In addition, there is substantial evidence of labor force discrimination against formerly incarcerated individuals, both due to concerns about recidivism and gaps in work experience, and a general stigma above and beyond productivity-related factors.
Formerly incarcerated people who are employed recidivate at lower rates than those who do not obtain work.
Entrepreneurship offers people with prior connections to the criminal justice system - which disproportionately involves historically marginalized and underserved communities - a strong alternative. The proposed updated regulations would clarify requirements across SBA capital programs and expand access to the capital necessary to start a business
The SBA proposed rule change would:
- Standardize eligibility rules across SBA capital programs, including the 7(a) Loan Program, 504 Loan Program, Disaster Loan Program, Microloan Program, and Surety Bond Guarantee Program—which collectively provide over $40 billion in capital annually to small businesses;
- Reduce confusion and subjectivity (e.g., what is considered a “crime of moral turpitude”);
- Rather than rely on self-reporting from the applicant, SBA will eliminate detailed questions on the application and, instead ask a straightforward question on current incarceration status and then verify that status using the applicant’s SSN and a third-party database. SBA will also check against SBA internal data for those connected to pandemic fraud and other resources related fraud against the federal government.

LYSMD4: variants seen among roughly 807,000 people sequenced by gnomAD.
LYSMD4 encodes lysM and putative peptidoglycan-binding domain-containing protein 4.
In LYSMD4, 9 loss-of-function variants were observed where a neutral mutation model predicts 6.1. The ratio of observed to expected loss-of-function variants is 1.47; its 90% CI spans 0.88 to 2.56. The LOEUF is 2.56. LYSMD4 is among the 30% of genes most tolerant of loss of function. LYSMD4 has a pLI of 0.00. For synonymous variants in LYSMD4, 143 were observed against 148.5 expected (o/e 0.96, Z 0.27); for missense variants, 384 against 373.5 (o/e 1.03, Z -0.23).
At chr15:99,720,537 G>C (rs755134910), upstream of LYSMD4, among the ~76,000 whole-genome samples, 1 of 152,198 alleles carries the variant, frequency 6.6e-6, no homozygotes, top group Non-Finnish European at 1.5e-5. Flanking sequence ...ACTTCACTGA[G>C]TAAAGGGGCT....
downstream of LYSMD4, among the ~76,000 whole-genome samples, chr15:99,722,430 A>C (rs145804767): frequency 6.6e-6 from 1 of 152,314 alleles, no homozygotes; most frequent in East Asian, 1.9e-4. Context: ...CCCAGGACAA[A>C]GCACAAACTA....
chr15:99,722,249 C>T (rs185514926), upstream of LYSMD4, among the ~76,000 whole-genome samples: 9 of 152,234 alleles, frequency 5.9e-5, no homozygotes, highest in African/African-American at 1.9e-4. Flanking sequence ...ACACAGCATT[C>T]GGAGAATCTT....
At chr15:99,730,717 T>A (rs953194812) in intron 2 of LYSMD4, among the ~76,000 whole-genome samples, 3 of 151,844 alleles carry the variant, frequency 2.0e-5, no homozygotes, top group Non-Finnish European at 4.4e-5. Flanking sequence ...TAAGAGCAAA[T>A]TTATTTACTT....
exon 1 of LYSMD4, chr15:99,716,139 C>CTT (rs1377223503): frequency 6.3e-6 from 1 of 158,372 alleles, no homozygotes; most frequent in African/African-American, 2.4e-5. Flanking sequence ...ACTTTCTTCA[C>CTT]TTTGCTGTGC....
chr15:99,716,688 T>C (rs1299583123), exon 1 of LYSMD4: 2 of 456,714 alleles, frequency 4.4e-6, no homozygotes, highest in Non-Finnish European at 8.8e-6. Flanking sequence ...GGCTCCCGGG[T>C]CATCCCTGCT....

- Continue to allow SBA lenders to follow their own policies on criminal background checks;
- Continue to deem businesses with owners who are currently incarcerated and all those who have previously committed fraud against the government as ineligible for all capital programs.
“I have been proud to work with my colleagues in Congress in a bipartisan manner to reduce barriers for justice-impacted people seeking economic stability and success through entrepreneurship after release,” said Senator Cory Booker (D-NJ). “I’m pleased that the U.S. Small Business Administration has now taken this important step toward helping justice-involved people overcome barriers to accessing capital to grow their small businesses. Expanding access to SBA programs and the critical resources they provide will help these businesses succeed and help people who are working to turning their lives around to pursue the American dream.”
“Reducing barriers to entrepreneurship for justice-impacted individuals and returning citizens has been a long-time priority of mine. As a champion for the inclusion of justice-impacted individuals in COVID-19 small business relief, I applaud the Biden-Harris Administration’s proposed rule for building on these efforts. Justice-impacted entrepreneurs are less likely to recidivate and are more likely to employ other justice-impacted individuals,” said Senator Ben Cardin (D-MD), Chair of the Senate Small Business and Entrepreneurship Committee. “Through access to SBA programs, returning citizens will tap into the vast resources and training that can make a real difference for their small businesses and their community. It’s past time that we provide the resources to actualize the full potential of these entrepreneurs.”